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British Airways begins first quarantine-free flights to ‘green list’ countries from UK

written by Hannah Dowling | May 18, 2021

British Airways has conducted its first quarantine-free flights to ‘green list’ destinations for eager British holidaymakers and business travellers, as the UK government lifted travel restrictions on Monday.

The first BA flight out of Heathrow on Monday morning was flight BA492 to Gibraltar, which took at 7:10am.

Throughout the day, the British flag carriers performed a number of flights to other ‘green list’ destinations, including one flight to Lisbon, three flights to Faro, and one flight to Funchal in Madeira. The airline has suspended flights to Tel Aviv.

On 17 May 2019, in pre-pandemic times, the airline operated hundreds of flights, compared with just 70 departures that it planned to operate on Monday, highlighting the devastating impact that the Covid-19 pandemic has had on the airline industry.

To mark the occasion, on Monday morning, British Airways and Heathrow Airport hosted a virtual conference from British Airways’ home at Terminal 5 with its CEOs, Sean Doyle and John Holland-Kaye.

Speaking during the conference, Doyle, British Airways chairman and CEO, said, “Today, the first day of a return to international travel, is a special day for many people because for so long now families have been separated, the business has suffered, and we know that our customers haven’t been able to take the breaks abroad that they’ve wanted.

“After more than a year of limited flying, we’re pleased to be back in the skies – albeit with a very small number of flights.”

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At the conference, Doyle also reiterated British Airways’ calls to the UK government to include the US in its next version of the green list, in understanding of the lucrative nature of trans-Atlantic travel for airlines and businesses across both sides of the pond.

“We need the government to start progressively assigning green status to many more low-risk countries … It’s clear to us that America should be on the green list, and the importance of the US and UK cannot be underestimated,” he said.

“Prohibiting travel to and from the US not only stops loved ones being together, it has a considerable cost to the economy. And we reckon every day we’re shut it’s costing £32 million per day.”

Last week, World of Aviation reported that the chief executives of major airlines across the US and UK joined forces to pen an open letter to Pete Buttigieg, US Secretary of Transportation, and Grant Shapps, the UK Transport Secretary, to discuss the imminent return of quarantine-free trans-Atlantic travel.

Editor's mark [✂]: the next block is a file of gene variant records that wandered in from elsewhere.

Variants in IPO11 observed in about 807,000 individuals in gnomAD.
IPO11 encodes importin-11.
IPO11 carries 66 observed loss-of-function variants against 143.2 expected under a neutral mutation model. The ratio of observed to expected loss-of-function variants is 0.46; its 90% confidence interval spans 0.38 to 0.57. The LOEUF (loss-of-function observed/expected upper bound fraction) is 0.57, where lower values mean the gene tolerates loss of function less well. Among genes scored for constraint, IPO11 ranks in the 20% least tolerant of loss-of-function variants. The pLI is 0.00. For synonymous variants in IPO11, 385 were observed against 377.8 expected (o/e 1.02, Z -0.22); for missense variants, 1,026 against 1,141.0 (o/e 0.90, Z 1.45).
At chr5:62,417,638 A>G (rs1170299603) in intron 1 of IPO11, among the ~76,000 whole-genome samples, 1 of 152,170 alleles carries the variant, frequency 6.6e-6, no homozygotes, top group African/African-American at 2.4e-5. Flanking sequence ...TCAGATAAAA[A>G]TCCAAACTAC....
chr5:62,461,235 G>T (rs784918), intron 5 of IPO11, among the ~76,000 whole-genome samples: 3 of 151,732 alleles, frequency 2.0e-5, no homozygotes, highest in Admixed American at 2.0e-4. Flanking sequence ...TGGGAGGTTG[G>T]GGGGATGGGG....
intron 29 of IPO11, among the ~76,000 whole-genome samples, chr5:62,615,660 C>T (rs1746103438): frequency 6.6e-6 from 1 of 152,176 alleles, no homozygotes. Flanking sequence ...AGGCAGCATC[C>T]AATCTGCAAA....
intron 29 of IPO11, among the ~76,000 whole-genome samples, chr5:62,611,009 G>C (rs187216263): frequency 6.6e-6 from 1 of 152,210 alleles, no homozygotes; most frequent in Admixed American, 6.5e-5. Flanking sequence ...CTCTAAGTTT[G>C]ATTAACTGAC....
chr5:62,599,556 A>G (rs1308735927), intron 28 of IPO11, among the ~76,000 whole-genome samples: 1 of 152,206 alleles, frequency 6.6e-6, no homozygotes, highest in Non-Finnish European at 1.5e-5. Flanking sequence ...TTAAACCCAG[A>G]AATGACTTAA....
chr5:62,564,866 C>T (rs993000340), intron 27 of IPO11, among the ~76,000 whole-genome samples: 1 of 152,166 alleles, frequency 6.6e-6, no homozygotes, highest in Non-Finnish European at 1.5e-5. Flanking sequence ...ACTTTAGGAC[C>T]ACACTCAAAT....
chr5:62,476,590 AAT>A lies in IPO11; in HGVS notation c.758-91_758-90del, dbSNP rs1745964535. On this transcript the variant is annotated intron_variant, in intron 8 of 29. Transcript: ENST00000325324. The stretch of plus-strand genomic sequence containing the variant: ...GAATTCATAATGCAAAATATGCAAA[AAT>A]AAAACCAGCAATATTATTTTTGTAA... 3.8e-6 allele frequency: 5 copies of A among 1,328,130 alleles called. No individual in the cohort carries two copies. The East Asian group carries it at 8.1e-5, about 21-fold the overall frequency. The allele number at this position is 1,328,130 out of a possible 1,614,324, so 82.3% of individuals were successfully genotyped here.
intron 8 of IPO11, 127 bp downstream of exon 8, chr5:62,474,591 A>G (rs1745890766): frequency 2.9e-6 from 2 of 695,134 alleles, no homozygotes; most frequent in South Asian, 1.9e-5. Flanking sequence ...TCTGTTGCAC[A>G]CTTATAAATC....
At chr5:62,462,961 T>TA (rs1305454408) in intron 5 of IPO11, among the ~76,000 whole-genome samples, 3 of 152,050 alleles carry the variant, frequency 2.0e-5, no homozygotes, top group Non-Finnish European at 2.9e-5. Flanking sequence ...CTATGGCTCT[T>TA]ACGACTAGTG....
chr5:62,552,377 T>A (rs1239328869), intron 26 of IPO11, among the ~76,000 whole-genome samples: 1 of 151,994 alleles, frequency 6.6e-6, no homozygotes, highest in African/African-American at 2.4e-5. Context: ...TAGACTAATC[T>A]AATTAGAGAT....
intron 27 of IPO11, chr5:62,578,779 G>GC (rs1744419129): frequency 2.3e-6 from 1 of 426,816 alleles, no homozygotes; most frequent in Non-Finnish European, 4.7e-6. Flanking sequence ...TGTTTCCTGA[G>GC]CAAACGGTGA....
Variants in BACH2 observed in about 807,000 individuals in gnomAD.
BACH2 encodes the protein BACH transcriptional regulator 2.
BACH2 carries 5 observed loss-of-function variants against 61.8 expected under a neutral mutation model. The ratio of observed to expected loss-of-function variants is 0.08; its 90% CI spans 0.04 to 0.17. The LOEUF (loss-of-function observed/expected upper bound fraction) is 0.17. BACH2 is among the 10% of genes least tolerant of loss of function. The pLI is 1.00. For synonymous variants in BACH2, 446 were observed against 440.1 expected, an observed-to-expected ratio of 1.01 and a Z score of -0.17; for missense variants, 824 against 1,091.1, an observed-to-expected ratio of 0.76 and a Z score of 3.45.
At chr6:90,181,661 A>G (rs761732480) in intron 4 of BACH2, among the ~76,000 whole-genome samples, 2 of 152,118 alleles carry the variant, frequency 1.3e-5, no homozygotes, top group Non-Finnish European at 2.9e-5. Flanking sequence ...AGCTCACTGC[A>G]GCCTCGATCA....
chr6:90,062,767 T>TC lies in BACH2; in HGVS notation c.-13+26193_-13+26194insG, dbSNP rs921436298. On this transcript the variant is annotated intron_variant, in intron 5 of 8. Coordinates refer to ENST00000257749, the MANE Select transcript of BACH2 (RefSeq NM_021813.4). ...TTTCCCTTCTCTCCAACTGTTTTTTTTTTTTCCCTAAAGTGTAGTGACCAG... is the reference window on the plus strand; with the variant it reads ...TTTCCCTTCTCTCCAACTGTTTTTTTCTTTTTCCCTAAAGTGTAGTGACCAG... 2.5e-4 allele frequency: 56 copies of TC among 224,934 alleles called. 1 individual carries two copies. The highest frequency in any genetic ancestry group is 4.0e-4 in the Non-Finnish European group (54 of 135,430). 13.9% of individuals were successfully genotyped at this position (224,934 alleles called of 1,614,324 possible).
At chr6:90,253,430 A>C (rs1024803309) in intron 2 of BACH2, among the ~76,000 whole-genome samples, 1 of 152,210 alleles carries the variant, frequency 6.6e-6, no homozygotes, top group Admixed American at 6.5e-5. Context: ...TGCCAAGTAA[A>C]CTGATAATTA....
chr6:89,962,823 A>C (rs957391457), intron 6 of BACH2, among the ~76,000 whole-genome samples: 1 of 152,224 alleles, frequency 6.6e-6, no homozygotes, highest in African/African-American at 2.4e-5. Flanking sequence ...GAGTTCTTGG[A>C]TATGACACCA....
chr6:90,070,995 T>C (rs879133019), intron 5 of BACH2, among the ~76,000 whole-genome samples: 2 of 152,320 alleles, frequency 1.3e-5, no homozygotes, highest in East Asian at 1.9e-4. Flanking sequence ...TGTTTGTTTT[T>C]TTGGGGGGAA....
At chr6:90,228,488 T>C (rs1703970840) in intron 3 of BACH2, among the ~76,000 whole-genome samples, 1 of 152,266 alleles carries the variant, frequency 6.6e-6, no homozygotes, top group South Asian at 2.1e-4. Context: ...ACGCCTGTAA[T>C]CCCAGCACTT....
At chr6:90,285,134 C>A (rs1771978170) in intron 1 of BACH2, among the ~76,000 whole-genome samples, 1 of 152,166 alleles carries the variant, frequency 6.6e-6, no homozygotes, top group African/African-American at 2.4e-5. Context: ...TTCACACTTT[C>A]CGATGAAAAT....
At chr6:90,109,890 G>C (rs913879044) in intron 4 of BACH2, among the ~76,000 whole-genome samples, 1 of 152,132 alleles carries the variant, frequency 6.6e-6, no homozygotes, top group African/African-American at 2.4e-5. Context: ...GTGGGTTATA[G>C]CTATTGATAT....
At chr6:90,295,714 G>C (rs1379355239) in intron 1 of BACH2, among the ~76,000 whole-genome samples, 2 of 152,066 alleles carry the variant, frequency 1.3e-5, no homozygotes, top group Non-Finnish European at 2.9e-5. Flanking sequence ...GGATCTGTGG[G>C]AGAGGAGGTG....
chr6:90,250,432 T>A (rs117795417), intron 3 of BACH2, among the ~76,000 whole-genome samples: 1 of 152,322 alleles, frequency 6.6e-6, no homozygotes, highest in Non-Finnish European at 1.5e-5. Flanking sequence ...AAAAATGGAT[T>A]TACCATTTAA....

The letter was signed by chief executives representing American Airlines, Delta Air Lines, United Airlines, British Airways, Virgin Atlantic, JetBlue Airways, and US trade union Airlines for America.

In the letter, the aviation CEOs requested a summit between the UK and US, for the purpose of defining “a path to safely and expeditiously reopen trans-Atlantic travel in a manner that aligns with public health objectives”.

“We are confident that the aviation industry possesses the right tools, based on data and science, to enable a safe and meaningful restart to trans-Atlantic travel,” the letter reads.

However, the airline chiefs stated that “the airline industry needs adequate lead time to establish a plan for restarting air services, including scheduling aircraft and crews for these routes as well as for marketing and selling tickets”.

“Safely reopening borders between the US and UK is essential for the continued economic recovery of both nations,” the letter added.

“The return of trans-Atlantic air travel would not only have a significant, positive impact on our respective economies but will also reunite those who have been separated from their loved ones for over a year.”

The group collectively suggested such a summit to take place prior to the G7 summit, which is scheduled to take place between 11 and 13 June in Cornwall, UK.

Before the COVID pandemic, the transatlantic travel market was worth US$9 billion per year to airlines.

Around 22 million people would travel between the US and UK per year, accounting for nearly 10 per cent of all global air travel.

Additional reporting by Airlinerwatch.

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